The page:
It’s still a hard concept to get the head around (it’s not called the ‘hard problem of consciousness’ for nothing!), and I didn’t get far beyond the decision to ‘go along for now as if this is true’ at the time (a very useful trick, by the way).
Since then, I’ve looked further, and thought more, discovering that, in this video, Haikonen claims to have solved the hard problem of consciousness – explaining it a little differently, as follows (I’m paraphrasing – any infelicities are my responsibility!);
- Consciousness is characterised by reportable observation – whether of external stimuli, self generated feelings, internal thoughts or indeed thought processes themselves,
- perception of the content of consciousness consists of observations,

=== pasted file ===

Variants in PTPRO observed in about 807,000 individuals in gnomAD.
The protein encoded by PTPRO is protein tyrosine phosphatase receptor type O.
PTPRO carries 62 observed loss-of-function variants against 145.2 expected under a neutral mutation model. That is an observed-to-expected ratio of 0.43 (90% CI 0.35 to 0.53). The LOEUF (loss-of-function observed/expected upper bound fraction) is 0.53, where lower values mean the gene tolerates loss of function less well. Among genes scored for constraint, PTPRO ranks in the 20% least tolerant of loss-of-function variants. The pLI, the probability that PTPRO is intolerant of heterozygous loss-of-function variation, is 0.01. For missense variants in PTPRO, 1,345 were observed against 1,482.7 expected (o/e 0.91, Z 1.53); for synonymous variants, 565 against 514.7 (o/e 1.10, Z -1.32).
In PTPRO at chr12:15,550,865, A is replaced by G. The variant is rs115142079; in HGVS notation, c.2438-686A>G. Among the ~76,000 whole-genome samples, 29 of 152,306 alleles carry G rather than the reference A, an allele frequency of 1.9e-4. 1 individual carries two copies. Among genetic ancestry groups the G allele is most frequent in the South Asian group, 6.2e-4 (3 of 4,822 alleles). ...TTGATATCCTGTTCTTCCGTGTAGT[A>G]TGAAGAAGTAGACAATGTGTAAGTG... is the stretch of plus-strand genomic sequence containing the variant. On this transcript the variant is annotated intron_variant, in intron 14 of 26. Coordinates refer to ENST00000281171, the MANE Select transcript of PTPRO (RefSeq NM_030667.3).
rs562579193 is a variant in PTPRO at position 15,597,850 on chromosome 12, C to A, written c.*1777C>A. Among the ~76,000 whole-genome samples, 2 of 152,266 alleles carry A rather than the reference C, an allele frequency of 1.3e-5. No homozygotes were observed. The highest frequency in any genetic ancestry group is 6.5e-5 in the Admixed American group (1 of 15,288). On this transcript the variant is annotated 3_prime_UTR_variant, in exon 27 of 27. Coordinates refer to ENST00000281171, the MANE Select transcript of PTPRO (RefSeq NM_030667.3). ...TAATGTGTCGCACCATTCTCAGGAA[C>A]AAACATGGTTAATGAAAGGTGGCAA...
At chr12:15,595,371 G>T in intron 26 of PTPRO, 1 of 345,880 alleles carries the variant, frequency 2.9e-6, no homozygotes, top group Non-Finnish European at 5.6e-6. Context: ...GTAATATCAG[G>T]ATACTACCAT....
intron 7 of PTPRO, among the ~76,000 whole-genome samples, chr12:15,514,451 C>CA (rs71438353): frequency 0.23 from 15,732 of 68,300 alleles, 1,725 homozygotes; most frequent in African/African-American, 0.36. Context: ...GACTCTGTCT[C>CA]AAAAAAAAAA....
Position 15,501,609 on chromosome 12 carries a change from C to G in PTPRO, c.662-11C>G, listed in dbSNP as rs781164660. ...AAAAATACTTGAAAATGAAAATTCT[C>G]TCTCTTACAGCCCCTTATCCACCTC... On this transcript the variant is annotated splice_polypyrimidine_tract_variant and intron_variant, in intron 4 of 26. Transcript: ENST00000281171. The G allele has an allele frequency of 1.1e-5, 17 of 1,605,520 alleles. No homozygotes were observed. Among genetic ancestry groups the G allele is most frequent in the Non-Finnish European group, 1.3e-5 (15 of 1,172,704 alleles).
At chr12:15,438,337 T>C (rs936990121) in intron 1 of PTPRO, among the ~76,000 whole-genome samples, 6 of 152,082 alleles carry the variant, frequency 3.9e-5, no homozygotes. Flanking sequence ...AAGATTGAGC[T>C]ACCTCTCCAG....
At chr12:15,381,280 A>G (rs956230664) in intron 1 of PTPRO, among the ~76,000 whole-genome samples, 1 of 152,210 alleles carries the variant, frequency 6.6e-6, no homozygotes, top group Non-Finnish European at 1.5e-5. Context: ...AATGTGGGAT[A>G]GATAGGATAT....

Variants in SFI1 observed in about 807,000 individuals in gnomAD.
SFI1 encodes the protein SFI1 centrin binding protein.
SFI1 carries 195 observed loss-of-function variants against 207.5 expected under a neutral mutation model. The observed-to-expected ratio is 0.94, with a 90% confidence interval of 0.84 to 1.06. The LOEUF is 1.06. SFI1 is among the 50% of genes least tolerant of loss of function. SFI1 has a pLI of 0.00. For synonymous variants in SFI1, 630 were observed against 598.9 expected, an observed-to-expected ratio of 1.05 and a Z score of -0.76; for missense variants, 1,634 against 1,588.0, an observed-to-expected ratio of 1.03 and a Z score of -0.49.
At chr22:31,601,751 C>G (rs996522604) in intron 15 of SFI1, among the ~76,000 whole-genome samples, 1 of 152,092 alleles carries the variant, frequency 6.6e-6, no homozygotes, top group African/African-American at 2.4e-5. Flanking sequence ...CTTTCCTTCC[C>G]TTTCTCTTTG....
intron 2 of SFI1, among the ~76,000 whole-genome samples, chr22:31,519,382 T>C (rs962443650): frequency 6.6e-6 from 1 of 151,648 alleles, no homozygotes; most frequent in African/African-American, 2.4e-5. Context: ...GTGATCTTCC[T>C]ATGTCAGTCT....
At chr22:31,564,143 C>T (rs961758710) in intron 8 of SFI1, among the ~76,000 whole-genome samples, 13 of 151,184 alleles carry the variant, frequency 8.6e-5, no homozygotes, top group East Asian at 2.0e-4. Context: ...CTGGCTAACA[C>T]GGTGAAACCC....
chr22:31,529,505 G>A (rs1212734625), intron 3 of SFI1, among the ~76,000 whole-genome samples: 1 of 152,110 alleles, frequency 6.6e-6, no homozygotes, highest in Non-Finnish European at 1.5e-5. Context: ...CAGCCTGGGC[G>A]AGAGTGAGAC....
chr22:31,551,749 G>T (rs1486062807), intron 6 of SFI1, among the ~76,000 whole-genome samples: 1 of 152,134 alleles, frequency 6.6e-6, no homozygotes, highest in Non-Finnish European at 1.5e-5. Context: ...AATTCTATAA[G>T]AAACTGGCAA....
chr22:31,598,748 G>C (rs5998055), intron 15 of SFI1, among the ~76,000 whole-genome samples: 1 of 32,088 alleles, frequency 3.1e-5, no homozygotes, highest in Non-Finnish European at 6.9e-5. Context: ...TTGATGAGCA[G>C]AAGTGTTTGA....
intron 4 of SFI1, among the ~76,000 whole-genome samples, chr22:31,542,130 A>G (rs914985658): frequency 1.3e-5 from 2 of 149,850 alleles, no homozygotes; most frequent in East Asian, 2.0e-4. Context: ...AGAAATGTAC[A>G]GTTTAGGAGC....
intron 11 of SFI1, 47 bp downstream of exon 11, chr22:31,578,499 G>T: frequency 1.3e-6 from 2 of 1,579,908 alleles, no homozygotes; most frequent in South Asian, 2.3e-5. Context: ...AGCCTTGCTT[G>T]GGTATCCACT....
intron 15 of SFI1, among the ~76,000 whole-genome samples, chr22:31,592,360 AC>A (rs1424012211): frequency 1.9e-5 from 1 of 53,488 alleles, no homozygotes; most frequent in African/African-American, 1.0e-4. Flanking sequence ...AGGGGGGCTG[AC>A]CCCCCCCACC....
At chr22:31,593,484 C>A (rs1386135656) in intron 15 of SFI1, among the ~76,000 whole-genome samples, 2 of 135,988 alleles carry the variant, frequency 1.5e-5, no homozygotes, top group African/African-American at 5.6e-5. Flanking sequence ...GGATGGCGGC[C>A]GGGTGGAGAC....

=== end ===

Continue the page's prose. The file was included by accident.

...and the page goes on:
- that despite the fact that all of consciousness is built from neural activity, our experience is not of neural activity per se, but of apparently sensed reality – even our thoughts are in the form of silent inner speech (the nub of the ‘hard problem’),
- rather than observing the neural activity, we observe the information that it carries,
- that the neural machinery acts as a ‘transparent carrier of information’,
- that the system whereby this occurs is a mediated feedback loop, where things we are conscious of are passed to consciousness via the sensory areas of the brain – to be experienced as if they were sensory input – as ‘virtual perceptions’,
- that in order to perceive thoughts as auditory ‘virtual perception’, we need to learn to implement this feedback loop – which is why little children keep up a running commentary on their activities – including what seem like thoughts; they are not yet able to internalise the process of representing their thoughts to themselves as auditory input without actual sounds being involved (this last is not a unique suggestion of Haikonen’s, but originates with Vigotsky).
This view meshes well with several other considerations.